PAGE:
Five new lawsuits charging sexual abuse of minors by priests were filed against the Diocese of Bridgeport last week — including one alleging sexual misconduct by the late Father Robert Morrissey during his time as pastor of St. Mary Church in Ridgefield.

“During the 1990s, Morrissey sexually assaulted, sexually battered, and sexually exploited the plaintiff, Edward Doe, thereby causing him injury and damage,” claims a lawsuit filed Friday, Sept. 22, in state Superior Court in Bridgeport.

“As a result thereof, the plaintiff suffered injuries of a serious and permanent nature in that he suffered physical injuries resultant from the sexual abuse and assault and severe emotional injuries including emotional distress, anxiety, frustration, disassociation, post-traumatic stress and permanent psychological scarring…”

Church higher-ups are charged with failing to address priestly misconduct and seeking to keep allegations quiet — leaving more potential victims in the care of priests accused of sexual exploitating children.

The diocese “...failed to establish, maintain and enforce a policy of reporting, investigating, pursuing and removing members of its clergy engaged in sexual misconduct and instead adhered to a policy of discouraging the dissemination of information regarding the sexual misconduct of priests with minors…,” the suit involving Morrissey charges.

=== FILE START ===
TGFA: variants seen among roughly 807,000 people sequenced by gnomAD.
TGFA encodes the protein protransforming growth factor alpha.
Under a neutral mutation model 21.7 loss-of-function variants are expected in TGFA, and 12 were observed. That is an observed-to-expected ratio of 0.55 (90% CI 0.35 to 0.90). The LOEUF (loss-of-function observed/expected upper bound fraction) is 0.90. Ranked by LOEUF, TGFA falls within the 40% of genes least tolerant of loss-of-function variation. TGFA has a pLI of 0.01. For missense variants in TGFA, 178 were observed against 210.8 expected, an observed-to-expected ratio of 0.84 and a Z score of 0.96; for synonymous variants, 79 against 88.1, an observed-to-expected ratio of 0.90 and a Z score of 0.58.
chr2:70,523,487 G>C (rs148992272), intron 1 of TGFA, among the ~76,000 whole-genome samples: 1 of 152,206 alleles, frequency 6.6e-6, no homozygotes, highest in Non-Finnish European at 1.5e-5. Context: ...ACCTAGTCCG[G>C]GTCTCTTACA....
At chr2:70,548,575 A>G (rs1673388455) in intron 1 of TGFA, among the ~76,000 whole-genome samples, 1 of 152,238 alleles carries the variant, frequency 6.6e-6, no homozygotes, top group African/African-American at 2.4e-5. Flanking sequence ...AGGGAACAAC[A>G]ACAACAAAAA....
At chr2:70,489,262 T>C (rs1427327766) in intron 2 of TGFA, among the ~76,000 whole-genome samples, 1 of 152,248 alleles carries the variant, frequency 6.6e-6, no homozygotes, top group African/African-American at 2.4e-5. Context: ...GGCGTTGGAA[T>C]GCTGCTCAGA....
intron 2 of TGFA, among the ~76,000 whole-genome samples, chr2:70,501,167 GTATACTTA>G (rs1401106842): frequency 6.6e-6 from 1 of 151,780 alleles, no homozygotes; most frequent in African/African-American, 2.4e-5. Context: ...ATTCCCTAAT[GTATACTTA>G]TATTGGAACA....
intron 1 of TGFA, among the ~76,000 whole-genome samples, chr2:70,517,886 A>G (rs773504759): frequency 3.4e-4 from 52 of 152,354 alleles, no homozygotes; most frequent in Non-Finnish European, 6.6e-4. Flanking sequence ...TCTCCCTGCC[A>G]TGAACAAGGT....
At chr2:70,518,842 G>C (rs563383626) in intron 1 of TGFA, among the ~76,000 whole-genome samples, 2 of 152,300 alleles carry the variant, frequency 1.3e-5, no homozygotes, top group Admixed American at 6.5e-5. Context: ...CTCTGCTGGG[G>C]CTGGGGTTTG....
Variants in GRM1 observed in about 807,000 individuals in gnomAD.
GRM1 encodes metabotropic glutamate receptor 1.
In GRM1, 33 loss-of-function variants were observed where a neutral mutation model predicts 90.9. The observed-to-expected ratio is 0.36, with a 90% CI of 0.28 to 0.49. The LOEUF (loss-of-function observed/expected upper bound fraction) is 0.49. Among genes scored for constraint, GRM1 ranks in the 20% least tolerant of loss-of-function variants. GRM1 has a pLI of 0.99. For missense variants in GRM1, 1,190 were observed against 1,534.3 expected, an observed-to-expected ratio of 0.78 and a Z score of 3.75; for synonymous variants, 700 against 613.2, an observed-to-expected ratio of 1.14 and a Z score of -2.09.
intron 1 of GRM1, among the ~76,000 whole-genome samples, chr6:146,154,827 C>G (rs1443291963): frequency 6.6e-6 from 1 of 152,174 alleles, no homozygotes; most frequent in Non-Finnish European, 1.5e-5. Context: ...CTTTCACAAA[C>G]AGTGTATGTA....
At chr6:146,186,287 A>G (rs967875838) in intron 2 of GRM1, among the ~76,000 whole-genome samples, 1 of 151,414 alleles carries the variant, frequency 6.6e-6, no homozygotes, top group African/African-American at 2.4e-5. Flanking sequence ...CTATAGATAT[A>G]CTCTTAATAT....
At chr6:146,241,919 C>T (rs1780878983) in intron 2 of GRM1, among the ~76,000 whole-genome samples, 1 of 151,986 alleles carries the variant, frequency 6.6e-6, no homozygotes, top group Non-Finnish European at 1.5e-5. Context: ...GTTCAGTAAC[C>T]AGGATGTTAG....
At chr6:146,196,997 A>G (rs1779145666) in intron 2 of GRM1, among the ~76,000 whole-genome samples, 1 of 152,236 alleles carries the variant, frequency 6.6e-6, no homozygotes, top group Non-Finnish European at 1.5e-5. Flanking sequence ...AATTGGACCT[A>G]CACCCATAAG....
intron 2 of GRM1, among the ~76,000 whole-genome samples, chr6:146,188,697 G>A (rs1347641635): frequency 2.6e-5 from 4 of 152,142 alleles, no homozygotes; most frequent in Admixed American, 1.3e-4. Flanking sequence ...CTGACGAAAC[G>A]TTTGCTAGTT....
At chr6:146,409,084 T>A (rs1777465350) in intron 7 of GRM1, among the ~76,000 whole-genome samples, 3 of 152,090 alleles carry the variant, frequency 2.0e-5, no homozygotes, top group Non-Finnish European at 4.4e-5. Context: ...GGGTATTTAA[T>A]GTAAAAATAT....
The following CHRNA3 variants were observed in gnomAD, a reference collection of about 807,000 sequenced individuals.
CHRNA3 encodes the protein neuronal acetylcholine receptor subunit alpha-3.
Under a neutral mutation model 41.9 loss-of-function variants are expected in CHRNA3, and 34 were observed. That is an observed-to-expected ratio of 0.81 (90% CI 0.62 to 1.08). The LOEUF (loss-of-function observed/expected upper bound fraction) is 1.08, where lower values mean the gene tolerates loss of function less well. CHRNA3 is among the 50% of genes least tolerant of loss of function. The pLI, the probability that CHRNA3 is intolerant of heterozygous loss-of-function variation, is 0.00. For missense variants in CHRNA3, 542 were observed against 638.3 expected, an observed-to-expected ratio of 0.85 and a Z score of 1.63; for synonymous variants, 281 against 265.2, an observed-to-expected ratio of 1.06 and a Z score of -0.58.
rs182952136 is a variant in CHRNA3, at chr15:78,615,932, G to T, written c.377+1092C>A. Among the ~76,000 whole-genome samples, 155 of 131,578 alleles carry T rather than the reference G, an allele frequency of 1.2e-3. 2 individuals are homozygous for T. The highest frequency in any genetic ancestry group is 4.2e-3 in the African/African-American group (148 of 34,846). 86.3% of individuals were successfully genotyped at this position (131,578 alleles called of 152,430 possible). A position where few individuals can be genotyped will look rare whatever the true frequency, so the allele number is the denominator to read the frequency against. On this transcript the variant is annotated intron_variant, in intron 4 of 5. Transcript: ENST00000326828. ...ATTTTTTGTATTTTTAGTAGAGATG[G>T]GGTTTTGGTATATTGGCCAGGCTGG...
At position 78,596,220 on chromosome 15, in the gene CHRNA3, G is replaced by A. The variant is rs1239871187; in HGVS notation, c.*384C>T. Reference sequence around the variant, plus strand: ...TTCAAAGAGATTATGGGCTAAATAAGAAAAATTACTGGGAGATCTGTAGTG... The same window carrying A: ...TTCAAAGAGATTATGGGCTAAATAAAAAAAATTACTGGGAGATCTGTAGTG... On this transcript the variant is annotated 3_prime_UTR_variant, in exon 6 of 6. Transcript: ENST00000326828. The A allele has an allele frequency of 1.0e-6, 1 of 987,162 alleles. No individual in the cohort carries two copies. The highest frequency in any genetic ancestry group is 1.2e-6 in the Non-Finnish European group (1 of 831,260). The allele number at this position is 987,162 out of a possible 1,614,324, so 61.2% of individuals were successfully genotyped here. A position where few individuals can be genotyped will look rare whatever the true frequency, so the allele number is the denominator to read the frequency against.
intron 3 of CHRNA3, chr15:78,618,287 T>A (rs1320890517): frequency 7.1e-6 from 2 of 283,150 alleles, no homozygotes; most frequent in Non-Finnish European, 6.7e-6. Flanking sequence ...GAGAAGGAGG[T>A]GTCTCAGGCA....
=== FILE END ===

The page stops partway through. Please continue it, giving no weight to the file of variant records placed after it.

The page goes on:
St. Mary Parish in Ridgefield, as well as the Diocese of Bridgeport, are named as defendants in the lawsuit.

“People need to be aware that is not how we do business any more,” said Brian Wallace, director of communications for the Diocese of Bridgeport.

Today, allegations of child abuse are immediately passed on to secular authorities, he said.

“If anyone comes forward and says they were abused ... we are mandatory reporters,” Wallace said. “They put the phone down and they report it to the Department of Children and Families. And they report it to the police…”

Wallace said the lawsuits are based on allegations from years ago, and the priests involved have all died.

“They’ve long since passed away,” he said. “We’re not talking about recent abuse — it doesn’t mitigate it in any way, but to put it in perspective.”

Priests subject to credible accusations of child abuse lose authorization to work as priests, he said, a policy dating back to the Charter for the Protection of Children and Young People — the “Dallas Charter” — adopted by the U.S. Conference of Catholic Bishops in 2002.

“The bishop takes away their ability to conduct any public ministry. They cannot say Mass or perform any priestly function in a public sense,” Wallace said. “That was the case with Father Morrissey.”

100 cases

The lawsuits were filed against the Diocese of Bridgeport by the law firm Tremont Sheldon Robinson Mahoney, which has been representing victims of priest sexual abuse for decades.